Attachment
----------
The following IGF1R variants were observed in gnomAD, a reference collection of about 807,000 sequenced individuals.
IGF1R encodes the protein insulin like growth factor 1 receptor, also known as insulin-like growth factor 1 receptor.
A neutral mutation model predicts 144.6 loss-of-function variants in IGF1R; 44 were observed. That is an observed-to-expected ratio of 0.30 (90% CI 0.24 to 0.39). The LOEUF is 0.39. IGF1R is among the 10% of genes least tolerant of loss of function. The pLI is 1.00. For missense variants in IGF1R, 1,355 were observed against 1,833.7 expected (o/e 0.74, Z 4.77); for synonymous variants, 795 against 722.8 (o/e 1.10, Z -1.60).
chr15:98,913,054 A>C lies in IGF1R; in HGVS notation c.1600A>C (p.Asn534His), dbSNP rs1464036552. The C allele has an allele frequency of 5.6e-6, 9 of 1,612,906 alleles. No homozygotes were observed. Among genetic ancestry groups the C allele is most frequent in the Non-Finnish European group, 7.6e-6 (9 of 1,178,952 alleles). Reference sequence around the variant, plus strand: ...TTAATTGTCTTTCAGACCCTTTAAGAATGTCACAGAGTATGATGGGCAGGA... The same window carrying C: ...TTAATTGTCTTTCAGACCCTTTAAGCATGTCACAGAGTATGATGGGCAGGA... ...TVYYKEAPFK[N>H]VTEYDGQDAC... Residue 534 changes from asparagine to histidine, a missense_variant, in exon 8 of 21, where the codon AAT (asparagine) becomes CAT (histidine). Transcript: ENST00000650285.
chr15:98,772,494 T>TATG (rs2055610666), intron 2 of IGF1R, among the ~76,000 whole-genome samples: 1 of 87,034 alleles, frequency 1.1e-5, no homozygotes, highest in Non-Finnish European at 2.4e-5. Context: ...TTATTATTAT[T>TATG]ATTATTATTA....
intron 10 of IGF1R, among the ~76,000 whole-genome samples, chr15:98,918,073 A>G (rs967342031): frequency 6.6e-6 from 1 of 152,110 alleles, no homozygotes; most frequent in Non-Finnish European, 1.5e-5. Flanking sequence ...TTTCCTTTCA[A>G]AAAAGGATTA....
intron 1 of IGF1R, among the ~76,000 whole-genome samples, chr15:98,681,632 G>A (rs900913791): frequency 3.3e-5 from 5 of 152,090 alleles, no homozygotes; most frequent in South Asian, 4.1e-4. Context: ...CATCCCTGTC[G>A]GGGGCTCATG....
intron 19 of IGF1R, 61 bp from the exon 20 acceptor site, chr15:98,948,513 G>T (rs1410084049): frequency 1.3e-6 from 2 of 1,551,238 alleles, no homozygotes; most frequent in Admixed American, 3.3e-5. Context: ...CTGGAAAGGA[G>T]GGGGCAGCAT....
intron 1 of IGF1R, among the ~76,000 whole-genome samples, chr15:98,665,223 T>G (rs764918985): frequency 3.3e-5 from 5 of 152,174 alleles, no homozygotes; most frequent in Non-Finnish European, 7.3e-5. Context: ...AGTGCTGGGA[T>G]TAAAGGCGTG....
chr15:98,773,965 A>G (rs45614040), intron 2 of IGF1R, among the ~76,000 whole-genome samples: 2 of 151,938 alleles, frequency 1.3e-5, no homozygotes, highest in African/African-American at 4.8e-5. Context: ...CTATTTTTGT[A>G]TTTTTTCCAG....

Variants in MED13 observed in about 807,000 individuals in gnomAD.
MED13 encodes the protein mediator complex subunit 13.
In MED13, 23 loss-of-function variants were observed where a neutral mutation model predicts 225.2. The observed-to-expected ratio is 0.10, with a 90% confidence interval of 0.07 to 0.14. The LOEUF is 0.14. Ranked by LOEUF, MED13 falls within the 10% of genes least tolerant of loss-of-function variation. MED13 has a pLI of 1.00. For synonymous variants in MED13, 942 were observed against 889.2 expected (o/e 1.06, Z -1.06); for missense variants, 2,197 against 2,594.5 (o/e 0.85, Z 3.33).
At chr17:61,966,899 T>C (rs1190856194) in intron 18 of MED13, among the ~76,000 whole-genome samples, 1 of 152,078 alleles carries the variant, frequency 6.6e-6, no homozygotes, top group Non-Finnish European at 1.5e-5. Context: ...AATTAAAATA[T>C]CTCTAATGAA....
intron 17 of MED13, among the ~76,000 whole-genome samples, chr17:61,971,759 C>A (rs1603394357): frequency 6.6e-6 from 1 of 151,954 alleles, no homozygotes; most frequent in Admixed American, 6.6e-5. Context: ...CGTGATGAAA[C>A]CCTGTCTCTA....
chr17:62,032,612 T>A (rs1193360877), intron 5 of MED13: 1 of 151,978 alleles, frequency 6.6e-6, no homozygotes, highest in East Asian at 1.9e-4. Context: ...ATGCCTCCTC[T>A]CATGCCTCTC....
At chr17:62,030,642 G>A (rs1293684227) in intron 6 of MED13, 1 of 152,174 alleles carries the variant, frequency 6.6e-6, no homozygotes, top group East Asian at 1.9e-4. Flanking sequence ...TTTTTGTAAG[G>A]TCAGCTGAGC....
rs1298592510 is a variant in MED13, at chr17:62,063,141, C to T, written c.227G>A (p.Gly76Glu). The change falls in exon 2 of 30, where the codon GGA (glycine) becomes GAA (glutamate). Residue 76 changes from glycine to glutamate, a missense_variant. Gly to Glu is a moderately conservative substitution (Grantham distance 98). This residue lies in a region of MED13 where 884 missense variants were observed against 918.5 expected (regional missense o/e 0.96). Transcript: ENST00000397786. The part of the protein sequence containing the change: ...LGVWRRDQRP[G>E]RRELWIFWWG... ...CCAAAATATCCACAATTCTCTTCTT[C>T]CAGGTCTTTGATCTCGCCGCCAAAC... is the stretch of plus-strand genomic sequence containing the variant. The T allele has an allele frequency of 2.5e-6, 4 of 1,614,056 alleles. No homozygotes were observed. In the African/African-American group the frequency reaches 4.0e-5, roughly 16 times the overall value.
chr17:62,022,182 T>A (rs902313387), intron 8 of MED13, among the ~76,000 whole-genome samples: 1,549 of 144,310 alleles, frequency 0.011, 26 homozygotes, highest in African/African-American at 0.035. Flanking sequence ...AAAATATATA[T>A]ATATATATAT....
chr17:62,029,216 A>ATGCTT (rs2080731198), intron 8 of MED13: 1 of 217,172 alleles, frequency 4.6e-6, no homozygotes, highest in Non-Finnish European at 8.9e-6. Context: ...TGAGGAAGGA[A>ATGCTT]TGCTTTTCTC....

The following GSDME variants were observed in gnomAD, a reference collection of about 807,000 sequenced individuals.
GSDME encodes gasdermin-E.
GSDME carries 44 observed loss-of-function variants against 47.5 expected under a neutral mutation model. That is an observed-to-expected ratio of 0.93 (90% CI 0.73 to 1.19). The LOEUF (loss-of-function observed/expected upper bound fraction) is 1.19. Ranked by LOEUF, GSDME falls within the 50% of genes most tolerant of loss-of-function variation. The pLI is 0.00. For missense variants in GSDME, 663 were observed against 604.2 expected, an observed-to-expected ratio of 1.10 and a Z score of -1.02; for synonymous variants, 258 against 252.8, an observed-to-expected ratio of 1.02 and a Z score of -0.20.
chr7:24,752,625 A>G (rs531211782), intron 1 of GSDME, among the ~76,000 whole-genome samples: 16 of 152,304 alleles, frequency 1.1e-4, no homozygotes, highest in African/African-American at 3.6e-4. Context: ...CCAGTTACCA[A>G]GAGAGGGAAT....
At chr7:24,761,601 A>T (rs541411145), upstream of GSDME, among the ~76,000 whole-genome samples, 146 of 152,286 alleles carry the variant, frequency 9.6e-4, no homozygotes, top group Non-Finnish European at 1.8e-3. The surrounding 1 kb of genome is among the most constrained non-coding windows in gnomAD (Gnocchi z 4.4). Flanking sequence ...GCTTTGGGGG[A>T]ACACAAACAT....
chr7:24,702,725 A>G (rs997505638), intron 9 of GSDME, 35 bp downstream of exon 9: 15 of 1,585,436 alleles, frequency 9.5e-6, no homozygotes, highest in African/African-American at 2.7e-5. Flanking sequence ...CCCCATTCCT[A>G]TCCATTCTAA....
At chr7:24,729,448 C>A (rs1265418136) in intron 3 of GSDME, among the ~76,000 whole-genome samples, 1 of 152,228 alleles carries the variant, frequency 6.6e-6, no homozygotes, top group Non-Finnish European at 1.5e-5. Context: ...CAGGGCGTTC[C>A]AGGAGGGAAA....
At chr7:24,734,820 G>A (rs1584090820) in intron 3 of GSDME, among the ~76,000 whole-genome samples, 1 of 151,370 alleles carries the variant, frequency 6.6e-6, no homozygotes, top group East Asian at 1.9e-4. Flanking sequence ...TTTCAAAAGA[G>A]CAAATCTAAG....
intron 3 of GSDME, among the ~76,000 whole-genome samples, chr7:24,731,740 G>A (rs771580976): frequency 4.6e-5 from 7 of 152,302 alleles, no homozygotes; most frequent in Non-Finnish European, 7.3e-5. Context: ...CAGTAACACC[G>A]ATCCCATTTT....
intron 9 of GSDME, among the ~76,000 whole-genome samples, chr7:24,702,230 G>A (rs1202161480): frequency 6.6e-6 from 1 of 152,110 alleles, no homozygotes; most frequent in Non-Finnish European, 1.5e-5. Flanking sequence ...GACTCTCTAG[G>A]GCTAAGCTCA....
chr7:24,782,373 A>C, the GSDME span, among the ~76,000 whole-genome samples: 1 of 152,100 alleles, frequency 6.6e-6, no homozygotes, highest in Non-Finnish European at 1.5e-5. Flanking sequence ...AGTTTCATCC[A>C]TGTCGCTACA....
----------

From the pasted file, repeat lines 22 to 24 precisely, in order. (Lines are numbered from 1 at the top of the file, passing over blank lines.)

GSDME encodes gasdermin-E.
GSDME carries 44 observed loss-of-function variants against 47.5 expected under a neutral mutation model. That is an observed-to-expected ratio of 0.93 (90% CI 0.73 to 1.19). The LOEUF (loss-of-function observed/expected upper bound fraction) is 1.19. Ranked by LOEUF, GSDME falls within the 50% of genes most tolerant of loss-of-function variation. The pLI is 0.00. For missense variants in GSDME, 663 were observed against 604.2 expected, an observed-to-expected ratio of 1.10 and a Z score of -1.02; for synonymous variants, 258 against 252.8, an observed-to-expected ratio of 1.02 and a Z score of -0.20.
chr7:24,752,625 A>G (rs531211782), intron 1 of GSDME, among the ~76,000 whole-genome samples: 16 of 152,304 alleles, frequency 1.1e-4, no homozygotes, highest in African/African-American at 3.6e-4. Context: ...CCAGTTACCA[A>G]GAGAGGGAAT....